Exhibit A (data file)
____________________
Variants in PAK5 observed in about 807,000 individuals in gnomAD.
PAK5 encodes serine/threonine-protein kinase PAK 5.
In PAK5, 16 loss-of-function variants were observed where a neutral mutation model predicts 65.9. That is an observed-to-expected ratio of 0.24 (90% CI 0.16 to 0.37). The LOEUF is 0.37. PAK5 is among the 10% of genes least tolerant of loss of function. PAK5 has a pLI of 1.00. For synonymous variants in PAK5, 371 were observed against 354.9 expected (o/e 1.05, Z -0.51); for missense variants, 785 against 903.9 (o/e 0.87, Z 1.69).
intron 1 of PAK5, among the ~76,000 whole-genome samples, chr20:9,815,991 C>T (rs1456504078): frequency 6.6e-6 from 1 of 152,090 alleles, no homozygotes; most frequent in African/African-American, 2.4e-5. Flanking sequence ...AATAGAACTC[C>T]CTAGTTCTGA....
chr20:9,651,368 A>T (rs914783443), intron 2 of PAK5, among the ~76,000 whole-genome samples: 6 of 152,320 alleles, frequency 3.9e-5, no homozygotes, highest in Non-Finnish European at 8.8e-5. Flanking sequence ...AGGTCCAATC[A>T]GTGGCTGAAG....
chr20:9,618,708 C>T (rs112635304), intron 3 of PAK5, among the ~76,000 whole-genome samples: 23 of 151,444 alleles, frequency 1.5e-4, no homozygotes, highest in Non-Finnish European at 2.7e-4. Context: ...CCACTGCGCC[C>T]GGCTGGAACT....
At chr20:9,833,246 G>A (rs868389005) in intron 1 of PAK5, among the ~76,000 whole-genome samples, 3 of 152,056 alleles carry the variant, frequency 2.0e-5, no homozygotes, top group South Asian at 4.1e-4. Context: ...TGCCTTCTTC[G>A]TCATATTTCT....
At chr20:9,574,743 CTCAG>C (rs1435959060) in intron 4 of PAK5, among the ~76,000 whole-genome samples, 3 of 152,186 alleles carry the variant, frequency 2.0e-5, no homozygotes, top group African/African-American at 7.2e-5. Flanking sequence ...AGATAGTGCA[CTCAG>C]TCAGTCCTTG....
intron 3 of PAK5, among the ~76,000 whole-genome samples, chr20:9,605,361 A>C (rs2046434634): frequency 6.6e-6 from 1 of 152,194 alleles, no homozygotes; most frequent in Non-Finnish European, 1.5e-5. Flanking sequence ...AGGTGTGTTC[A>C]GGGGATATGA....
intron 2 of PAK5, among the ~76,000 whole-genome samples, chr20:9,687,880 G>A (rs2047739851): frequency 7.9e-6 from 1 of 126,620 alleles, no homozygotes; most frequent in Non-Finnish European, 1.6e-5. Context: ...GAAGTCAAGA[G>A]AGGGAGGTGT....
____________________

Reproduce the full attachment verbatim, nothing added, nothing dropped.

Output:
Variants in PAK5 observed in about 807,000 individuals in gnomAD.
PAK5 encodes serine/threonine-protein kinase PAK 5.
In PAK5, 16 loss-of-function variants were observed where a neutral mutation model predicts 65.9. That is an observed-to-expected ratio of 0.24 (90% CI 0.16 to 0.37). The LOEUF is 0.37. PAK5 is among the 10% of genes least tolerant of loss of function. PAK5 has a pLI of 1.00. For synonymous variants in PAK5, 371 were observed against 354.9 expected (o/e 1.05, Z -0.51); for missense variants, 785 against 903.9 (o/e 0.87, Z 1.69).
intron 1 of PAK5, among the ~76,000 whole-genome samples, chr20:9,815,991 C>T (rs1456504078): frequency 6.6e-6 from 1 of 152,090 alleles, no homozygotes; most frequent in African/African-American, 2.4e-5. Flanking sequence ...AATAGAACTC[C>T]CTAGTTCTGA....
chr20:9,651,368 A>T (rs914783443), intron 2 of PAK5, among the ~76,000 whole-genome samples: 6 of 152,320 alleles, frequency 3.9e-5, no homozygotes, highest in Non-Finnish European at 8.8e-5. Flanking sequence ...AGGTCCAATC[A>T]GTGGCTGAAG....
chr20:9,618,708 C>T (rs112635304), intron 3 of PAK5, among the ~76,000 whole-genome samples: 23 of 151,444 alleles, frequency 1.5e-4, no homozygotes, highest in Non-Finnish European at 2.7e-4. Context: ...CCACTGCGCC[C>T]GGCTGGAACT....
At chr20:9,833,246 G>A (rs868389005) in intron 1 of PAK5, among the ~76,000 whole-genome samples, 3 of 152,056 alleles carry the variant, frequency 2.0e-5, no homozygotes, top group South Asian at 4.1e-4. Context: ...TGCCTTCTTC[G>A]TCATATTTCT....
At chr20:9,574,743 CTCAG>C (rs1435959060) in intron 4 of PAK5, among the ~76,000 whole-genome samples, 3 of 152,186 alleles carry the variant, frequency 2.0e-5, no homozygotes, top group African/African-American at 7.2e-5. Flanking sequence ...AGATAGTGCA[CTCAG>C]TCAGTCCTTG....
intron 3 of PAK5, among the ~76,000 whole-genome samples, chr20:9,605,361 A>C (rs2046434634): frequency 6.6e-6 from 1 of 152,194 alleles, no homozygotes; most frequent in Non-Finnish European, 1.5e-5. Flanking sequence ...AGGTGTGTTC[A>C]GGGGATATGA....
intron 2 of PAK5, among the ~76,000 whole-genome samples, chr20:9,687,880 G>A (rs2047739851): frequency 7.9e-6 from 1 of 126,620 alleles, no homozygotes; most frequent in Non-Finnish European, 1.6e-5. Context: ...GAAGTCAAGA[G>A]AGGGAGGTGT....